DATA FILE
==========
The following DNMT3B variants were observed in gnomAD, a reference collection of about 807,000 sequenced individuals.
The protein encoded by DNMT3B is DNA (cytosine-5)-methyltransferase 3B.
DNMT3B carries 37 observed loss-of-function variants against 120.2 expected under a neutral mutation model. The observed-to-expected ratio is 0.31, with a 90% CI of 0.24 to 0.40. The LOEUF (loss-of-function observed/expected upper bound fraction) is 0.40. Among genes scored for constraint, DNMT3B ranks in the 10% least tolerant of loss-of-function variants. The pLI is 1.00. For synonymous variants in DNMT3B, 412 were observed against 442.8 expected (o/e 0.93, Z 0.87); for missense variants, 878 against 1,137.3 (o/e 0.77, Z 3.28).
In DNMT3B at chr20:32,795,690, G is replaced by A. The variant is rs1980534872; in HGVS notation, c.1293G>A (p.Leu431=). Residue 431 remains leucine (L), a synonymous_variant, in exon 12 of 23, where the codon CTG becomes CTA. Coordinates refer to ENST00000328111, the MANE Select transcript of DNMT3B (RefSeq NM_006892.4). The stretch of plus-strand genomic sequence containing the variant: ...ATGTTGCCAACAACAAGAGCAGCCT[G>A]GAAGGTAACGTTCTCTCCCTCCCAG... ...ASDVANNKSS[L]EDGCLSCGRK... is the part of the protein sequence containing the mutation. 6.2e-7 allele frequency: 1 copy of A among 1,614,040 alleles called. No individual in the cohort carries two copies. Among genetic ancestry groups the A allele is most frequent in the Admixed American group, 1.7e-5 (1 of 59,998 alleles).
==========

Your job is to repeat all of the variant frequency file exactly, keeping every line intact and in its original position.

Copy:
The following DNMT3B variants were observed in gnomAD, a reference collection of about 807,000 sequenced individuals.
The protein encoded by DNMT3B is DNA (cytosine-5)-methyltransferase 3B.
DNMT3B carries 37 observed loss-of-function variants against 120.2 expected under a neutral mutation model. The observed-to-expected ratio is 0.31, with a 90% CI of 0.24 to 0.40. The LOEUF (loss-of-function observed/expected upper bound fraction) is 0.40. Among genes scored for constraint, DNMT3B ranks in the 10% least tolerant of loss-of-function variants. The pLI is 1.00. For synonymous variants in DNMT3B, 412 were observed against 442.8 expected (o/e 0.93, Z 0.87); for missense variants, 878 against 1,137.3 (o/e 0.77, Z 3.28).
In DNMT3B at chr20:32,795,690, G is replaced by A. The variant is rs1980534872; in HGVS notation, c.1293G>A (p.Leu431=). Residue 431 remains leucine (L), a synonymous_variant, in exon 12 of 23, where the codon CTG becomes CTA. Coordinates refer to ENST00000328111, the MANE Select transcript of DNMT3B (RefSeq NM_006892.4). The stretch of plus-strand genomic sequence containing the variant: ...ATGTTGCCAACAACAAGAGCAGCCT[G>A]GAAGGTAACGTTCTCTCCCTCCCAG... ...ASDVANNKSS[L]EDGCLSCGRK... is the part of the protein sequence containing the mutation. 6.2e-7 allele frequency: 1 copy of A among 1,614,040 alleles called. No individual in the cohort carries two copies. Among genetic ancestry groups the A allele is most frequent in the Admixed American group, 1.7e-5 (1 of 59,998 alleles).